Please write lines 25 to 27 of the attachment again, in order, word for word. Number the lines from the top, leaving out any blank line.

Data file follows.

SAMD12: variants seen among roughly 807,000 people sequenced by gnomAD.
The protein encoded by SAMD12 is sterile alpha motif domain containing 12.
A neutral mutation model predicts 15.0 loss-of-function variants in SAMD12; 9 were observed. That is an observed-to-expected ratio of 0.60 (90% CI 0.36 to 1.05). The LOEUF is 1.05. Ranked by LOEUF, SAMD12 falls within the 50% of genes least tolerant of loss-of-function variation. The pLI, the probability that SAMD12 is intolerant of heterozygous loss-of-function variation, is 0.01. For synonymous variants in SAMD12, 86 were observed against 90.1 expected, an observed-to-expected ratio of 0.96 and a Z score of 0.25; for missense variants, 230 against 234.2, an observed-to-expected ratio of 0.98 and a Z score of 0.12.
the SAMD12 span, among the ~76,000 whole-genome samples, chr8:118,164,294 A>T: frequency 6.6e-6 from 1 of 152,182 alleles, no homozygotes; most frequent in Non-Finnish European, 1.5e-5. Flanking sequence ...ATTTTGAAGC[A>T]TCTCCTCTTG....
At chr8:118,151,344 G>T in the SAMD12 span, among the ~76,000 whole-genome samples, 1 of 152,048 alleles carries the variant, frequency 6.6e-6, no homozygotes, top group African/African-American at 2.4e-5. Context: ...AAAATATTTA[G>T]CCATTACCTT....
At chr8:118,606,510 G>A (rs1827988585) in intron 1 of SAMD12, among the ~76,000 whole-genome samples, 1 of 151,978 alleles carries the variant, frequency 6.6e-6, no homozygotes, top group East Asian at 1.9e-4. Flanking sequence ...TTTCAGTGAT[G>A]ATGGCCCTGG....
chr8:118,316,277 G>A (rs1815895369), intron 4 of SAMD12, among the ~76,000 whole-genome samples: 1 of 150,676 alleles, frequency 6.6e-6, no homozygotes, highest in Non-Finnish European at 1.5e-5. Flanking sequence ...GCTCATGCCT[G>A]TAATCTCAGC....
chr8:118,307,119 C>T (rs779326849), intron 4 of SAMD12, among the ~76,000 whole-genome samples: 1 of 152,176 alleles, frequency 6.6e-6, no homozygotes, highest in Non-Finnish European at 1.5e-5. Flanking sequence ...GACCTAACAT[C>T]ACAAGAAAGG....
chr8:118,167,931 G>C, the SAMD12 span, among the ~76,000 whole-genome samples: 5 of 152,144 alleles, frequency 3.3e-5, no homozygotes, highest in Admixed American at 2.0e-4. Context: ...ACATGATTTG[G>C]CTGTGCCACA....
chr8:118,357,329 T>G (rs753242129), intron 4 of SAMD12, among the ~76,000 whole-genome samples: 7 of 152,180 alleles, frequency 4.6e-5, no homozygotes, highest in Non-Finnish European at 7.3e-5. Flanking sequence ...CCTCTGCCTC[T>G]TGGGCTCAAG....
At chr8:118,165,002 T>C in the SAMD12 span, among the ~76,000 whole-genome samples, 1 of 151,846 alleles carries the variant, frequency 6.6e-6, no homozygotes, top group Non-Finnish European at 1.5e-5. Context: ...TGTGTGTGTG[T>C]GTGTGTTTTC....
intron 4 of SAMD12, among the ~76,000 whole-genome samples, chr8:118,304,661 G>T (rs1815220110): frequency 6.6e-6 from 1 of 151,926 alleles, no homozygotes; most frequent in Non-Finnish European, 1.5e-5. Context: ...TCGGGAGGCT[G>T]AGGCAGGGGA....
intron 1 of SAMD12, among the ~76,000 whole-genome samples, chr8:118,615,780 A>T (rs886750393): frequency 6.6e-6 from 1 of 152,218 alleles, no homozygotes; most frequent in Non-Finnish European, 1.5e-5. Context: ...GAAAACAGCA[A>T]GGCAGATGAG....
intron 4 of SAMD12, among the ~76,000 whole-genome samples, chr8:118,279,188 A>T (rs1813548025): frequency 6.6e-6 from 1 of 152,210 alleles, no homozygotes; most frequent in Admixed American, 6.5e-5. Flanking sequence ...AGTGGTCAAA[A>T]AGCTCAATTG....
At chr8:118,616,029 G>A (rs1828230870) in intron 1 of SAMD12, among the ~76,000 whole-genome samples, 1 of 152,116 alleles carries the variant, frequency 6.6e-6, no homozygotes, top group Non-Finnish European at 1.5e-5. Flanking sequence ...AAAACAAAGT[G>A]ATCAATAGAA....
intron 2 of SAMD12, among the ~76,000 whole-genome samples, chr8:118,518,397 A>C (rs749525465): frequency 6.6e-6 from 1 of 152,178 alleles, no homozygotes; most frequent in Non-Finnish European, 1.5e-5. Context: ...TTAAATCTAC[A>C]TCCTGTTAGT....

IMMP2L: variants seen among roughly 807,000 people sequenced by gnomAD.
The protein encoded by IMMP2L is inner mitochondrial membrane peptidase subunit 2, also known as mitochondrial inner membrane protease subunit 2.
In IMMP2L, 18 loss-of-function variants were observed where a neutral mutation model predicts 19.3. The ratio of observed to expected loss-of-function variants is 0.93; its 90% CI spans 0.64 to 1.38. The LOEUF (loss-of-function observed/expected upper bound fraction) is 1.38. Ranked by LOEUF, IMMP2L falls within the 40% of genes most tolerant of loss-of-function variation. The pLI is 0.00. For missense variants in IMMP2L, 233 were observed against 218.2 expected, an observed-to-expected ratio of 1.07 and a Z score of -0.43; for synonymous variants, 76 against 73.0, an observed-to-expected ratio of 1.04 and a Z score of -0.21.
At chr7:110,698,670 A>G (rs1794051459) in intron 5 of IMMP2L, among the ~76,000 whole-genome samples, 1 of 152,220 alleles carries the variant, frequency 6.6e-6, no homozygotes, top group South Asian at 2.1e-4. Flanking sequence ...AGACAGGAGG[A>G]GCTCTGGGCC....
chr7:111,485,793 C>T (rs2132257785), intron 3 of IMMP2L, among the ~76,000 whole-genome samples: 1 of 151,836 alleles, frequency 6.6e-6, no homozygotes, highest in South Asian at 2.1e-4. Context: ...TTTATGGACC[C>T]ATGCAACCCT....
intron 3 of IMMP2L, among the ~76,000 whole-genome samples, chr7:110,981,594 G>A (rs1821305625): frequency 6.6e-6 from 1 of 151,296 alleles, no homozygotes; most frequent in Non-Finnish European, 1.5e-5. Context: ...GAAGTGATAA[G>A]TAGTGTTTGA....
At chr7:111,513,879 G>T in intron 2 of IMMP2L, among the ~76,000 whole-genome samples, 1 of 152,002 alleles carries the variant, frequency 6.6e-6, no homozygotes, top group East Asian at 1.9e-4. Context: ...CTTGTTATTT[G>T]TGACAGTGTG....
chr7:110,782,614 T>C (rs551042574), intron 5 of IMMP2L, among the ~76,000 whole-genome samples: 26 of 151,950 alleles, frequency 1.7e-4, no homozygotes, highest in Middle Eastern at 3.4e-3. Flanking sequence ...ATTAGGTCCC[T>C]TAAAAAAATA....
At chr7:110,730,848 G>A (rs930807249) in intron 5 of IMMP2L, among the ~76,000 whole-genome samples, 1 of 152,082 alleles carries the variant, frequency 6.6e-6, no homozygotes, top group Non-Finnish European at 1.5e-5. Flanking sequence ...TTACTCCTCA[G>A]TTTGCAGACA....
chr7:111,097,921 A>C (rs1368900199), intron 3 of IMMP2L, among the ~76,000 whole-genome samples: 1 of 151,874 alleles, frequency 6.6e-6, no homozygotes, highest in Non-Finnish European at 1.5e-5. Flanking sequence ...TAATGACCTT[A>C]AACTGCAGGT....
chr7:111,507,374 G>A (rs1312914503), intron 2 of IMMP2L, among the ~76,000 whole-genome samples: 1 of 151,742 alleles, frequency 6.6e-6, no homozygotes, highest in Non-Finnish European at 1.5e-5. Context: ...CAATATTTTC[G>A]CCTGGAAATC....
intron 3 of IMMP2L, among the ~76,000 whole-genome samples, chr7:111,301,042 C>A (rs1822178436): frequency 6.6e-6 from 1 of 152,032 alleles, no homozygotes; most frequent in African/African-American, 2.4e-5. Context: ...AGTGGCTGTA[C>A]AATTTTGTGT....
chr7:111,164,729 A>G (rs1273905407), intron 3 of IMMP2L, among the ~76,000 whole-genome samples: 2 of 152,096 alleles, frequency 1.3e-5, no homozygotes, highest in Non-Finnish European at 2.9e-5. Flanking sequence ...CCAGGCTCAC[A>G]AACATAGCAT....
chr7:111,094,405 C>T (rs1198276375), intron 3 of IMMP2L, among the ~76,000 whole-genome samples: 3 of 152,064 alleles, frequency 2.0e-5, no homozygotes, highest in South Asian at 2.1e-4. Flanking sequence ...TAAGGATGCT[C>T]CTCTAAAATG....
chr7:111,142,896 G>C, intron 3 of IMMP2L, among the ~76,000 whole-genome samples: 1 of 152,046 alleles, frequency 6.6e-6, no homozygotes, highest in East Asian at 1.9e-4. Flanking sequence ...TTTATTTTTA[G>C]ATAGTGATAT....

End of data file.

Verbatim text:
At chr7:110,730,848 G>A (rs930807249) in intron 5 of IMMP2L, among the ~76,000 whole-genome samples, 1 of 152,082 alleles carries the variant, frequency 6.6e-6, no homozygotes, top group Non-Finnish European at 1.5e-5. Flanking sequence ...TTACTCCTCA[G>A]TTTGCAGACA....
chr7:111,097,921 A>C (rs1368900199), intron 3 of IMMP2L, among the ~76,000 whole-genome samples: 1 of 151,874 alleles, frequency 6.6e-6, no homozygotes, highest in Non-Finnish European at 1.5e-5. Flanking sequence ...TAATGACCTT[A>C]AACTGCAGGT....
chr7:111,507,374 G>A (rs1312914503), intron 2 of IMMP2L, among the ~76,000 whole-genome samples: 1 of 151,742 alleles, frequency 6.6e-6, no homozygotes, highest in Non-Finnish European at 1.5e-5. Context: ...CAATATTTTC[G>A]CCTGGAAATC....